First class hospitality

In the first of a new monthly series, Arabian Computer News sits down with leading IT bosses from a variety of industry verticals to find out what the major issues affecting that market is. This month, the roundtable focuses on the region’s hospitality sector.

Tags: HospitalityInterContinental Hotels GroupKempinski Hotels SAShangri-La International Hotel Management LtdTourismUnited Arab Emirates
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First class hospitality
By  Imthishan Giado Published  January 23, 2012

In what ways can hotels differentiate their image and the services they offer  through technology?

PR: If I check into any hotel, I cannot differentiate the IT product from the rest of the hotels. I’m not talking about having fast internet or a flat TV — everyone has those things. It’s like McDonald’s and Burger King — you find the same thing everywhere but with a slightly different look and feel.

SN: You always have to find the human acceptance level of the product that you bring into the hotel. What is the generation of guests coming to the hotel? You have senior people, you have younger people. Somebody who is 60-70 years old coming from a very laid-back country. You need to fulfil the needs of both types of guests, what the technology acceptance levels are.

You can provide RFID cards to a 20-year old guest and he knows by nature that they open doors by proximity. A 70-year-old guest will not know if that is secure, they will need help opening the door. This is where you are in charge to see what type of technology you bring to your hotel to make this acceptable for everybody.

RQ: If you consider a 17 year-old guy, he likes to be in touch with the hotel and place an order directly with room service. If you talk about a 25 year old, he might prefer an iPad where he can play around and place the order in a simpler way. We need to consider all the generations together and come up with a solution that’s easy for everyone to use.

PR: From my point of view – is it about gadgets that you put in the hotel? Or is it about creating a different experience for guests? We are all buying the same products from the same vendors. At the end of the day, we are simply changing the template, some fixtures here and there, and the guests end up seeing the same things.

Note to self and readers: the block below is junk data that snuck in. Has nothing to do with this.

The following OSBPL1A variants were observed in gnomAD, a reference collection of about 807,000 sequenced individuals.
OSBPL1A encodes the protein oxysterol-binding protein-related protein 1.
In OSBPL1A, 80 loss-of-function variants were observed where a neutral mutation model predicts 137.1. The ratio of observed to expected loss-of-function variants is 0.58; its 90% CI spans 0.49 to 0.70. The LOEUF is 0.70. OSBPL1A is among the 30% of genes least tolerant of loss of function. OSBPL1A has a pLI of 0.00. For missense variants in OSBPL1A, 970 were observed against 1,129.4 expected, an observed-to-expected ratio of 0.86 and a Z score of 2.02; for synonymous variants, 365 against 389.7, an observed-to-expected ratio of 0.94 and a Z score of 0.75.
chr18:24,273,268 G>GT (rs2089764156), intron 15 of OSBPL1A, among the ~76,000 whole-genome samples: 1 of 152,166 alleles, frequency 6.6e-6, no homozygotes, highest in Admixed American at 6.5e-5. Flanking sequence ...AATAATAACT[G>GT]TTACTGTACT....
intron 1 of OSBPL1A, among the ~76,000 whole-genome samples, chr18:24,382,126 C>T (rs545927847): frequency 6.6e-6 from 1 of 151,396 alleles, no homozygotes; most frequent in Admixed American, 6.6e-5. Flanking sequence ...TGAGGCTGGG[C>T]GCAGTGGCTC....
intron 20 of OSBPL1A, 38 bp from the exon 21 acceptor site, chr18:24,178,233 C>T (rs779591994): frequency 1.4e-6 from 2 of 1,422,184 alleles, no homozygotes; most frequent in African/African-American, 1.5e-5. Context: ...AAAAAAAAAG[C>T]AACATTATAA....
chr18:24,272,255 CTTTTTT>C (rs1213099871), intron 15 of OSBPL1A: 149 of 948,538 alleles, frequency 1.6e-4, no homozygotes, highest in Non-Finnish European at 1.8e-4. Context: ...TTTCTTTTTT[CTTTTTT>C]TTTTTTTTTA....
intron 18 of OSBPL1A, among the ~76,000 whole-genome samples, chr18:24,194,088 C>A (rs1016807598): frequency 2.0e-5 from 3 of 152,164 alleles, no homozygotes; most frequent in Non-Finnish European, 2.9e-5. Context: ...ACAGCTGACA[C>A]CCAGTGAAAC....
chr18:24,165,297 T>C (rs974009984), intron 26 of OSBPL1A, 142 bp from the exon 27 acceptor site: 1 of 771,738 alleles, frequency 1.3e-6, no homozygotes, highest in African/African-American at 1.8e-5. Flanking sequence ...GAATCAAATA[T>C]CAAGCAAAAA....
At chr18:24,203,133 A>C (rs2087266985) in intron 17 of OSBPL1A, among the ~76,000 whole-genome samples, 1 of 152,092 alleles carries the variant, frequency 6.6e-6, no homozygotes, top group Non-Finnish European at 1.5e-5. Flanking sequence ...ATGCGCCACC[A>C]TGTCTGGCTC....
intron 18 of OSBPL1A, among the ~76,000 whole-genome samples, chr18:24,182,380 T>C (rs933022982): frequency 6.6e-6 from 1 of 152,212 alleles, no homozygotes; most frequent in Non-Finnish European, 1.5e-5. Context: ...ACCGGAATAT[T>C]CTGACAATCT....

This is the problem with IT — we have to drive this change because if we don’t, nobody else will.

HN: There is still room for improvements. How many of us change the outlet menu to iPads? That gives a ‘wow experience’ for the guests. How many of you think of having lobby check-in or in-room check-in? Now you can use Acer tablets to run Opera; we are using this in Dubai Festival City. Having this is a different experience for the guests. If you have a VIP, you just escort him to the room where you can scan his passport, check into the room and prepare his key.

When a guest comes with his kids, having the menu on iPad brings a strong reaction from his children. They will tend to ask their parents, “we need to go to this restaurant next weekend because we will have an iPad on the table”.

We need to move away from focusing on whether Opera is running or not and look at the guest experience, how we can bring ‘wow’ to them.

RQ: If you talk about guests, every chain tries to bring a different experience. The main objective of all the companies in the hotel industry is to give a different feeling compared to their competitors, which is where everyone struggles. If you go to most hotels, most things are similar as Prasanna says.

PR: Fundamentally, there’s a baseline you need to have. Wi-Fi is a commodity, there’s no question about it. I don’t see the iPad as a huge differentiator, it’s become so common now.

In a hotel room, you have iPads, TVs, IP phones — there are so many channels to give information to the guest. As a guest I would be confused because the iPad will have different information, the TV will have different information and so on.

SN: You’re contradicting yourself, Prasanna. You say each and every hotel has Wi-Fi now – was it like that three years ago? No, because you didn’t have as many iPads!

HN: To be honest, we only got Wi-Fi in Festival City guest rooms this year in March. Everyone wants to use his iPhone, iPad and you cannot stop them — they need it. We use iPads with the concierge; people come and want to find the Mall of the Emirates, you can show him the map and send it direct to his email, instead of calling him to come behind the desk.

PR: We are limiting ourselves here. We are talking about Wi-Fi, we are talking about TV. If you want to drive the change, you have to look beyond that.

SN: I totally agree with Prasanna. The main reason we have iBahn is because it’s user friendly. When you decide to install Wi-Fi in your hotel, you need a product that runs for the next five years. Two years ago, you could never imagine that a hotel would need Wi-Fi. Your hotel had cable internet and that was enough. But not today – so now you have to consider what’s going to be user equipment in the next five years? This is looking out of the box, as far as I’m concerned.

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